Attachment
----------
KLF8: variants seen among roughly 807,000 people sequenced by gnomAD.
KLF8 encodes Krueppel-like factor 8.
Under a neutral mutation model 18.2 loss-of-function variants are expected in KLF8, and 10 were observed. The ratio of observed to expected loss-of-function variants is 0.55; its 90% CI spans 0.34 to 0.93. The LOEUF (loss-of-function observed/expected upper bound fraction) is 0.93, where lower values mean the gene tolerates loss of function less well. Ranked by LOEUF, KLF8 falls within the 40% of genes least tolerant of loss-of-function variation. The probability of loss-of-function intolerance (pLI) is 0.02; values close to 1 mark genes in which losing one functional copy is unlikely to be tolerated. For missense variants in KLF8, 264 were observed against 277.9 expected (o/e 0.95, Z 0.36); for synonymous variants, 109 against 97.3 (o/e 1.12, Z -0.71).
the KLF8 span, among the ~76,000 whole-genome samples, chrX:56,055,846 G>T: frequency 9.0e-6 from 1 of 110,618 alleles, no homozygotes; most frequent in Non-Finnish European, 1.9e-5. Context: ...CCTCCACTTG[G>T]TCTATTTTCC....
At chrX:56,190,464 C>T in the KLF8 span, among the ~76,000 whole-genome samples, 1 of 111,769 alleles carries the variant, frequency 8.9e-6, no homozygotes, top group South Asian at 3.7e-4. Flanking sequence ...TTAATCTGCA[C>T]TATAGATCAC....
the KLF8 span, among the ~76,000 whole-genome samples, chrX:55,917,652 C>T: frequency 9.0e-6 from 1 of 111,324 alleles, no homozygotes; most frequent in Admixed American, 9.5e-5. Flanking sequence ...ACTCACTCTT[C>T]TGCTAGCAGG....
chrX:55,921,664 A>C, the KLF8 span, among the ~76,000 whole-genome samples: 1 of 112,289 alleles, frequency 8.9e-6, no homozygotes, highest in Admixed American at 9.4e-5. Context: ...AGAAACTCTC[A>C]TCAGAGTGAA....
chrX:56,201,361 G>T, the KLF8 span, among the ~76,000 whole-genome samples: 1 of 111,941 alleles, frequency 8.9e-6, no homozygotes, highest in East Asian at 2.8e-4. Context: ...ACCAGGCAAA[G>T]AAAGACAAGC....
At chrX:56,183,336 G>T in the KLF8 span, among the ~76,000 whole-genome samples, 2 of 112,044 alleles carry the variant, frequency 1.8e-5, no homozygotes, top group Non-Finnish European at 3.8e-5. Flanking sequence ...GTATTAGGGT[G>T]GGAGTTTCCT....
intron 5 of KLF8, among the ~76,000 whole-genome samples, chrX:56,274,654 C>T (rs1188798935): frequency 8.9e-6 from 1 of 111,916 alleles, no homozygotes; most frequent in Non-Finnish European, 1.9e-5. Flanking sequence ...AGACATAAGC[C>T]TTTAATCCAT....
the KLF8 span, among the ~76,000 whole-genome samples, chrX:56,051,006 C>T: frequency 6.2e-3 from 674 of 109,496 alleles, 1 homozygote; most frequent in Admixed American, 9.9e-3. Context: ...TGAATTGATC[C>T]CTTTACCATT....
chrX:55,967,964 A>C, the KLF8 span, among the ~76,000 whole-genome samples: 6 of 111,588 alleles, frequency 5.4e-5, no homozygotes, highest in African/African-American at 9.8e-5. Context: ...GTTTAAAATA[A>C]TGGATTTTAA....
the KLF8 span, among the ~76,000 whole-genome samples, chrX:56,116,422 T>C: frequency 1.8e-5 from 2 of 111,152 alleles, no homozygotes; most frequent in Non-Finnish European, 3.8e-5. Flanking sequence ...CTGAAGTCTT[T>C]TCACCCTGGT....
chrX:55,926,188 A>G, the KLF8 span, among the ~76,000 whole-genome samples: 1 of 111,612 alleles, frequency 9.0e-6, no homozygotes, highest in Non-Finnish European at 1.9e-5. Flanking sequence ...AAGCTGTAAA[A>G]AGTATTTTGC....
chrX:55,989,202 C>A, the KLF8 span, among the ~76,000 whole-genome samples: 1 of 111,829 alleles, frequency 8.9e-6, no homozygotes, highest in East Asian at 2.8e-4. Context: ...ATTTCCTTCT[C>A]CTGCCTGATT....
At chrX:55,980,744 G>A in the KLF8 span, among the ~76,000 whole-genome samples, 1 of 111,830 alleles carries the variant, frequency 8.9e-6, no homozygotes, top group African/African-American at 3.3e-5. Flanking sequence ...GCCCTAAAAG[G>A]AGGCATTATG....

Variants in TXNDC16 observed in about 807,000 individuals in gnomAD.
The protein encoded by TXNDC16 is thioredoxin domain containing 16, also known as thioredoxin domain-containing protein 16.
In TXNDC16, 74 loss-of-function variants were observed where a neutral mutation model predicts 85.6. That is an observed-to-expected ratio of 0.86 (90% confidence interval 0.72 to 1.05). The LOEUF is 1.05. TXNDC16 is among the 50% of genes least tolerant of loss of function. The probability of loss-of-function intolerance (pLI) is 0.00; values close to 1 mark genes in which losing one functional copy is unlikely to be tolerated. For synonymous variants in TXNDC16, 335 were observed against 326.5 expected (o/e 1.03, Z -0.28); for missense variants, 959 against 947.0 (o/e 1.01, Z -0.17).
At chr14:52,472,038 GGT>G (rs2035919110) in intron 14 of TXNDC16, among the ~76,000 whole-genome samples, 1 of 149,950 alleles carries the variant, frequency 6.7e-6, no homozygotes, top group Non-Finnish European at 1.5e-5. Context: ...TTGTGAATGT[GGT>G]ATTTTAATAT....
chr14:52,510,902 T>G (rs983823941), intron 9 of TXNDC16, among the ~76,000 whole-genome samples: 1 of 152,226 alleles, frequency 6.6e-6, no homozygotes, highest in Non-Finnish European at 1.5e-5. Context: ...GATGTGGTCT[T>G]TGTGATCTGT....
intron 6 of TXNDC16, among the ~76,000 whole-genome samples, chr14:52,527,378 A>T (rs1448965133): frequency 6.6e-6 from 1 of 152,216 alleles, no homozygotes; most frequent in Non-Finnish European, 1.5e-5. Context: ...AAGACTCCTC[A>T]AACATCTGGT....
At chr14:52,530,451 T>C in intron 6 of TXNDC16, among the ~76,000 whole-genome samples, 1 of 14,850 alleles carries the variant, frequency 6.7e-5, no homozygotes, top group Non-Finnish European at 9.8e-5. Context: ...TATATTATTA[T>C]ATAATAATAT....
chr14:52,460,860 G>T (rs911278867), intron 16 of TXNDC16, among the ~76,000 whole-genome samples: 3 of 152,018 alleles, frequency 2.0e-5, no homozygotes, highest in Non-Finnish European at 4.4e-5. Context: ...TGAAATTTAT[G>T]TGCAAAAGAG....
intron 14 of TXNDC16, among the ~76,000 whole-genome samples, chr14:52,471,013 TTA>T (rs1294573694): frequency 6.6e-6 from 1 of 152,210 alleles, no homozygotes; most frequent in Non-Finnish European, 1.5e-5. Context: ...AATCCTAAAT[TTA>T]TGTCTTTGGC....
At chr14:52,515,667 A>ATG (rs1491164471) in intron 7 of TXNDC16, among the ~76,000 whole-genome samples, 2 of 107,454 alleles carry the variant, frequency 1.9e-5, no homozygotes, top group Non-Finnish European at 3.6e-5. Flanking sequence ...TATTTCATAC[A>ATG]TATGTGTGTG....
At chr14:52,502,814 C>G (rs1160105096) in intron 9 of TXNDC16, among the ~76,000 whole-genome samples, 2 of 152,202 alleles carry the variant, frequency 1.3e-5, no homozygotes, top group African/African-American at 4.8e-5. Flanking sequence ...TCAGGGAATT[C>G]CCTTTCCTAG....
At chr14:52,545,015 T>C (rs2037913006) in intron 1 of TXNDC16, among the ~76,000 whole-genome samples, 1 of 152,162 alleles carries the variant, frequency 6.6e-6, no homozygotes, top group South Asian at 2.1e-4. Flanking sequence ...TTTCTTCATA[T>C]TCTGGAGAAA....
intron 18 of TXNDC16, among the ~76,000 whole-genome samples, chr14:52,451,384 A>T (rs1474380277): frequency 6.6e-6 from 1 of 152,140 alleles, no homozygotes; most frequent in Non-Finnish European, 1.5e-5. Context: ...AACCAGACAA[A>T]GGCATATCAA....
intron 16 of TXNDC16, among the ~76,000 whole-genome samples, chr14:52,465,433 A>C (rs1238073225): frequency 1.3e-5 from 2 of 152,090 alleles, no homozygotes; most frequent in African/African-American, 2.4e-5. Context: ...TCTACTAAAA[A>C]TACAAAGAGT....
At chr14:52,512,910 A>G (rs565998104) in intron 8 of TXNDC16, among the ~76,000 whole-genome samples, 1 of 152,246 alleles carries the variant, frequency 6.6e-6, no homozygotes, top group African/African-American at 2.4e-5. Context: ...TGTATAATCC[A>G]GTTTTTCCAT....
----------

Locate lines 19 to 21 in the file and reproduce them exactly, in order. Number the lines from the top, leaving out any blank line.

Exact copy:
In TXNDC16, 74 loss-of-function variants were observed where a neutral mutation model predicts 85.6. That is an observed-to-expected ratio of 0.86 (90% confidence interval 0.72 to 1.05). The LOEUF is 1.05. TXNDC16 is among the 50% of genes least tolerant of loss of function. The probability of loss-of-function intolerance (pLI) is 0.00; values close to 1 mark genes in which losing one functional copy is unlikely to be tolerated. For synonymous variants in TXNDC16, 335 were observed against 326.5 expected (o/e 1.03, Z -0.28); for missense variants, 959 against 947.0 (o/e 1.01, Z -0.17).
At chr14:52,472,038 GGT>G (rs2035919110) in intron 14 of TXNDC16, among the ~76,000 whole-genome samples, 1 of 149,950 alleles carries the variant, frequency 6.7e-6, no homozygotes, top group Non-Finnish European at 1.5e-5. Context: ...TTGTGAATGT[GGT>G]ATTTTAATAT....
chr14:52,510,902 T>G (rs983823941), intron 9 of TXNDC16, among the ~76,000 whole-genome samples: 1 of 152,226 alleles, frequency 6.6e-6, no homozygotes, highest in Non-Finnish European at 1.5e-5. Context: ...GATGTGGTCT[T>G]TGTGATCTGT....